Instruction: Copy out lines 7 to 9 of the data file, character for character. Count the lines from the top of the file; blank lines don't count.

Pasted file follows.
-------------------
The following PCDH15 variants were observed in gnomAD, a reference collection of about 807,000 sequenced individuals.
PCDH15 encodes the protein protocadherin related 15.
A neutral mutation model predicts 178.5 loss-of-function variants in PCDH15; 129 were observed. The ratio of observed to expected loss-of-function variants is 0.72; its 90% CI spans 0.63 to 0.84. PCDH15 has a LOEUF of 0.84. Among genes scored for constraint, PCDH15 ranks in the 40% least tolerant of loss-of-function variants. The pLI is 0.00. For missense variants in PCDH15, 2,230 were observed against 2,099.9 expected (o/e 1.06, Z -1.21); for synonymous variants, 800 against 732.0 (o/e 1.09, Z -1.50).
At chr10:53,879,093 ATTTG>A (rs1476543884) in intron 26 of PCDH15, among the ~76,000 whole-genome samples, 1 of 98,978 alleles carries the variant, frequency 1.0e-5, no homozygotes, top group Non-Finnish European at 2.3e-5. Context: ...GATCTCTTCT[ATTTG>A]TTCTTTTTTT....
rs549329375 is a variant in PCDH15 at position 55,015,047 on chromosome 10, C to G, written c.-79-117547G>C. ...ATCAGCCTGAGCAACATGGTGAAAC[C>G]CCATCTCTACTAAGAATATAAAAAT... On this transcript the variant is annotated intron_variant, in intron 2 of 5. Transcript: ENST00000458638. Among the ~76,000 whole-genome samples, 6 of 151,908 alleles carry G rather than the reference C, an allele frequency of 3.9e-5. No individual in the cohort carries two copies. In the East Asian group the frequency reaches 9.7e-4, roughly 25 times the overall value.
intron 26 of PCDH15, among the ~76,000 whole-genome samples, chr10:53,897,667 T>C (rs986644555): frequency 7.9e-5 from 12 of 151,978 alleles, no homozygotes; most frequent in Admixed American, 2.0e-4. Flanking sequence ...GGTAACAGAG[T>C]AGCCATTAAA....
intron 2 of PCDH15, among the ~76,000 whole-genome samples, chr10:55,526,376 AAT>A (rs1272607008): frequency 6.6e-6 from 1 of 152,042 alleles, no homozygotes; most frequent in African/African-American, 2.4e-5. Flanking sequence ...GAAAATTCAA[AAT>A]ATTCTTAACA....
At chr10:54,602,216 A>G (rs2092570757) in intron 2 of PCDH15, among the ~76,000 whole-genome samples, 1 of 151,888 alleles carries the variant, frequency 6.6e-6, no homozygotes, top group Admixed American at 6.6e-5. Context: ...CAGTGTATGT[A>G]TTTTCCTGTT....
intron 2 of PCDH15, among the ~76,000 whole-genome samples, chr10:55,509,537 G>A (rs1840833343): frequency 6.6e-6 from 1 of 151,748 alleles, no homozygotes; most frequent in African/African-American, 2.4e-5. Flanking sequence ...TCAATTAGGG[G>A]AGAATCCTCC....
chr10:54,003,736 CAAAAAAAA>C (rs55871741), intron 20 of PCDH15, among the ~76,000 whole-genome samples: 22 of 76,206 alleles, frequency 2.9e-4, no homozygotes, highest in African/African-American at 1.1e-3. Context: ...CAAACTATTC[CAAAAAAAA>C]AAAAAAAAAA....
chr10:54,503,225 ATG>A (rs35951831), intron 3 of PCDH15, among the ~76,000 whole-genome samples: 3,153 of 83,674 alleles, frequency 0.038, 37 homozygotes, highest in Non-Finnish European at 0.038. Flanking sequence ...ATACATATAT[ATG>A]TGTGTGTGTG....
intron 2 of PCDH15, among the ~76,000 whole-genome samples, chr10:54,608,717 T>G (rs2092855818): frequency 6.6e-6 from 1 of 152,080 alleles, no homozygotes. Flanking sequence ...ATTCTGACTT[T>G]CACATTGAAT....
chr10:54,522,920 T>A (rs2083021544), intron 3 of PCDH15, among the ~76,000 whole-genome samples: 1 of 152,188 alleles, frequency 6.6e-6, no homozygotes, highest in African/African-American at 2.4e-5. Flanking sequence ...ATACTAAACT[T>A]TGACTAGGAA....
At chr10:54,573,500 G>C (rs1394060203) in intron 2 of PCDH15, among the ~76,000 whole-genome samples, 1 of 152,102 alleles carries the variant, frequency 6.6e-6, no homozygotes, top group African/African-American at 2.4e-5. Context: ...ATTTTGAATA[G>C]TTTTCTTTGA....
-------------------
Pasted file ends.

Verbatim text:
intron 2 of PCDH15, among the ~76,000 whole-genome samples, chr10:55,526,376 AAT>A (rs1272607008): frequency 6.6e-6 from 1 of 152,042 alleles, no homozygotes; most frequent in African/African-American, 2.4e-5. Flanking sequence ...GAAAATTCAA[AAT>A]ATTCTTAACA....
At chr10:54,602,216 A>G (rs2092570757) in intron 2 of PCDH15, among the ~76,000 whole-genome samples, 1 of 151,888 alleles carries the variant, frequency 6.6e-6, no homozygotes, top group Admixed American at 6.6e-5. Context: ...CAGTGTATGT[A>G]TTTTCCTGTT....
intron 2 of PCDH15, among the ~76,000 whole-genome samples, chr10:55,509,537 G>A (rs1840833343): frequency 6.6e-6 from 1 of 151,748 alleles, no homozygotes; most frequent in African/African-American, 2.4e-5. Flanking sequence ...TCAATTAGGG[G>A]AGAATCCTCC....